A former NATO commander has advised the United States that Russia’s invasion of Ukraine is a signal that our country should gear up for war. Naturally, someone my age who lived through World War II is likely to greet this statement with horror. Worse, the means of fighting a war have changed. Conventional weapons were devastating enough, but this is the nuclear age where conflict can lead to unthinkable consequences.
In 1945, the United States flattened Hiroshima and Nagasaki with two atomic bombs. The destruction was frightening but the radioactive fallout that would sicken future generations of Japanese was more so. We had unleashed a genius from its bottle without the means to lure it back. The grim challenge was how to survive a similar attack in the future. People built bunkers in their backyards that were stocked with necessary supplies, forgetting that the half-life of radiation could last not years or decades but centuries.
When Russia gained parity with America’s arsenal, the two countries negotiated to prevent another atomic war. The Mutual assurance destruction doctrine (MAD) posited that two sides, equally armed, would provide a deterrent against mutual destruction. Other nations had developed nuclear capabilities but not on a scale comparable to the U.S. and Russia so détente was possible.
China’s decision to become a major nuclear power has changed the equation. Now there are three major players, all of them armed with a new generation of atomic weapons that make the world a more dangerous place. The assault on Hiroshima and Nagasaki took three days to accomplish because a plane could carry one bomb at a time. Today’s missiles carry multiple warheads capable of attacking multiple targets simultaneously. Says Andrew F. Krepinevich, Jr. in his article “The New Nuclear Age,” that fact changes the calculation for détente. (Foreign Affairs, May/June 2022, pgs. 92-104.)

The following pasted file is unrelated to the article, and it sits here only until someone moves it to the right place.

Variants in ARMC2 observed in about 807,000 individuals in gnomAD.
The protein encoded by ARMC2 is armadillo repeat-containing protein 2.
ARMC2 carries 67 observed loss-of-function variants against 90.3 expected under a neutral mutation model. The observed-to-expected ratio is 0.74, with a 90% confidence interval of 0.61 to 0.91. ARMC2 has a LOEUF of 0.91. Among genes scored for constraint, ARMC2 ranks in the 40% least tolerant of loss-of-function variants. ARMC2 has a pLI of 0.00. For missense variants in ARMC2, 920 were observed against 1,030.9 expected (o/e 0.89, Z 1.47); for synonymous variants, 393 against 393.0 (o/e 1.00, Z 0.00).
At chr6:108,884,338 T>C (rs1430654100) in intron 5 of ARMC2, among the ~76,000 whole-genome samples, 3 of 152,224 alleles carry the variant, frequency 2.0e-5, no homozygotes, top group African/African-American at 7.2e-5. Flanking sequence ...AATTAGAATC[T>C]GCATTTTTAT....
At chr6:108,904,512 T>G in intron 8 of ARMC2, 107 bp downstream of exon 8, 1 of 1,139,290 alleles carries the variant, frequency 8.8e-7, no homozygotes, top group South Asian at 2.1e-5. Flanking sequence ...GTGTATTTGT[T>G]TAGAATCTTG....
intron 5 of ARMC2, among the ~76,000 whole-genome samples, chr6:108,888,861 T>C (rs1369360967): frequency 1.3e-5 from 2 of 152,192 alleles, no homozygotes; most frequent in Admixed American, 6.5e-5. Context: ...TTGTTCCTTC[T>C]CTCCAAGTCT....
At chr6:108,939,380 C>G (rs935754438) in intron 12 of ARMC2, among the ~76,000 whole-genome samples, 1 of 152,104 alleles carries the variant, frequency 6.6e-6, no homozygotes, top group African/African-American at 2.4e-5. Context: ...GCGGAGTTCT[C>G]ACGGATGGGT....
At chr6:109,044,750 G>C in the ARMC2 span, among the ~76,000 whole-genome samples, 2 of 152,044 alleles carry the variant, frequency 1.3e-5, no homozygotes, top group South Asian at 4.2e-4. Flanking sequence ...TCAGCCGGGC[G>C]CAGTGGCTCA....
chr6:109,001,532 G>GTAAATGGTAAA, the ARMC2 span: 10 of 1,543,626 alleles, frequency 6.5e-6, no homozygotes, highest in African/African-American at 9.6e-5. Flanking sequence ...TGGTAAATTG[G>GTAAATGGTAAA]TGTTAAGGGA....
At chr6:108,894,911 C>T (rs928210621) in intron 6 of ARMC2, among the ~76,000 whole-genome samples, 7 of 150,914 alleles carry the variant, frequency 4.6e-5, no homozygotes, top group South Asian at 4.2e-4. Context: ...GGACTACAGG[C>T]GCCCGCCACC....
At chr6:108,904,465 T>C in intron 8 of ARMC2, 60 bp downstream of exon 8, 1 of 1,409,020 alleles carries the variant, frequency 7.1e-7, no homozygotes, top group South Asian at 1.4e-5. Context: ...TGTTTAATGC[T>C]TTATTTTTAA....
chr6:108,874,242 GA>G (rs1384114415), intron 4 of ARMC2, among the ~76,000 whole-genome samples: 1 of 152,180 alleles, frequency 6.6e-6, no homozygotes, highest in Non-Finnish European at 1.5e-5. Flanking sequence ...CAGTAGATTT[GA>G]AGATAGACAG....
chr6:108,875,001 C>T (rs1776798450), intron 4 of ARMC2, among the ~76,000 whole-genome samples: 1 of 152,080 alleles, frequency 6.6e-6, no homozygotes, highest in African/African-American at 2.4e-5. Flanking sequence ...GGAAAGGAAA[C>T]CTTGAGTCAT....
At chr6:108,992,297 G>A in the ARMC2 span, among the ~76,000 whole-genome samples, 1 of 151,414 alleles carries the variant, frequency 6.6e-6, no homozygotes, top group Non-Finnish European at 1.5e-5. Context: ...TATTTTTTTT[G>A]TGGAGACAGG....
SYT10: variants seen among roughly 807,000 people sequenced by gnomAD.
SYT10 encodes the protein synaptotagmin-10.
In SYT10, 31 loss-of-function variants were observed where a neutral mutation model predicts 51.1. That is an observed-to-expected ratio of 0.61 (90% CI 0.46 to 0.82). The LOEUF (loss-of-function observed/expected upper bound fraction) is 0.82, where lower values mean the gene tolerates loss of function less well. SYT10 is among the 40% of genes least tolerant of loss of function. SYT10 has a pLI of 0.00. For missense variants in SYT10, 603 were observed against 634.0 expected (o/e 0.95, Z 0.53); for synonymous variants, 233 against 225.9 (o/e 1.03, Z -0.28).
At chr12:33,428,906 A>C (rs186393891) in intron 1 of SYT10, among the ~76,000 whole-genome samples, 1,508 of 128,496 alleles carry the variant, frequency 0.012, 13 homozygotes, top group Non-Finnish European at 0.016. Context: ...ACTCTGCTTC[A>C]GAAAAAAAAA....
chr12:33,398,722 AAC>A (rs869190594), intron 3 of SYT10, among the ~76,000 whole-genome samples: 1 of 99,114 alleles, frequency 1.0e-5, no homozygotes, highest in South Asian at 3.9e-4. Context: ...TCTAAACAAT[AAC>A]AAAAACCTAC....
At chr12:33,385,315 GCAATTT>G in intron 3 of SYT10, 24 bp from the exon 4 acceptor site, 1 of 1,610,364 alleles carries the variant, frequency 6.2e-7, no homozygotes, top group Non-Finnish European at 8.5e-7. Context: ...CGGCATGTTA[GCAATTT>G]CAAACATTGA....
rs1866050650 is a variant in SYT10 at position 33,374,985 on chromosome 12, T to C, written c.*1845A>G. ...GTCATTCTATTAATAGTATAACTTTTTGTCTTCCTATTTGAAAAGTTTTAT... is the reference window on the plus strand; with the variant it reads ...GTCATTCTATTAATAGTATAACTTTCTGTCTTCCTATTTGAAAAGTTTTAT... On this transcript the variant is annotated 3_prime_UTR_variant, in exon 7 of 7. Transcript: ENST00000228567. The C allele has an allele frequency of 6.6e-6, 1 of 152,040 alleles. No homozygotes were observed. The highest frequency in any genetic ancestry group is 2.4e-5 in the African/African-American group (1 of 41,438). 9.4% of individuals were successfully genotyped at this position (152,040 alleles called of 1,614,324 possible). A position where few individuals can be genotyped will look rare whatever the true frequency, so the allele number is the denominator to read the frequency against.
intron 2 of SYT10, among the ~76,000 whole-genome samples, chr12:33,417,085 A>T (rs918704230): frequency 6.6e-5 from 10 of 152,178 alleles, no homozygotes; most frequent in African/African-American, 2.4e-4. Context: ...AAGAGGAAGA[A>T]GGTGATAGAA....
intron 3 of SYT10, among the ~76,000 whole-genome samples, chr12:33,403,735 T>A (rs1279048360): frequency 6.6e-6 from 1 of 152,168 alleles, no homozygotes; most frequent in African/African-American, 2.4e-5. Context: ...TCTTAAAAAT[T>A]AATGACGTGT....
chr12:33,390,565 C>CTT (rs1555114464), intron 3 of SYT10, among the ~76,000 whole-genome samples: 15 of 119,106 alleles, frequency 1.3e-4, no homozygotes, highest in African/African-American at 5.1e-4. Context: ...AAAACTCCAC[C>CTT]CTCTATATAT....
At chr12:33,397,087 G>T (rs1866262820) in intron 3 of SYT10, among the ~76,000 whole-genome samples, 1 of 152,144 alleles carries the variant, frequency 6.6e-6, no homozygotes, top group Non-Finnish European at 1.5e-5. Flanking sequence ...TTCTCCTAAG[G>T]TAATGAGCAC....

In the past, two equally armed states could survive a stealth attack and still have bombs left to retaliate. The “no first strike advantage,” has been the basis of détente. But silos filled with multiple warheads make a preemptive strike more appealing. If it chose, Russia could destroy New York, Washington D. C. San Francisco, and Los Angeles in a single day.
With China in the picture, the danger of a preemptive strike increases. The cost of protecting ourselves also grows. The United State must match not only Russia’s arsenal but China’s as well. As autocracies make decisions faster than democracies, the likelihood that a first strike will come from Russia or China exists.
If our allies doubt the safety of our nuclear umbrella, they might choose to increase their stockpiles. Détente would become impossible and the chance of a first-strike event more likely.
Because the current nuclear age bears little similarity to the past, Biden’s decision to send money and weapons to Ukraine serves our national interest as well as theirs. Weakening Putin’s ground game strengthens détente. Battering the Russian economy serves a similar purpose and gives us time to develop plans for dealing with China.
Even Biden’s critics give him a thumbs up for his handling of this proxy war with Putin. If the war were his only challenge, it would be enough. But we remain a country politically divided and sickened by a continuing pandemic that brings inflation and other economic troubles in its wake. Money that would have gone to education, healthcare, and family programs has to stand in line until this war is over. Even so, the war must be fought and won.
Joe Biden has faced more challenges than most of his predecessors. If he keeps the ship of state from sinking, history will honor him as one of our greatest presidents.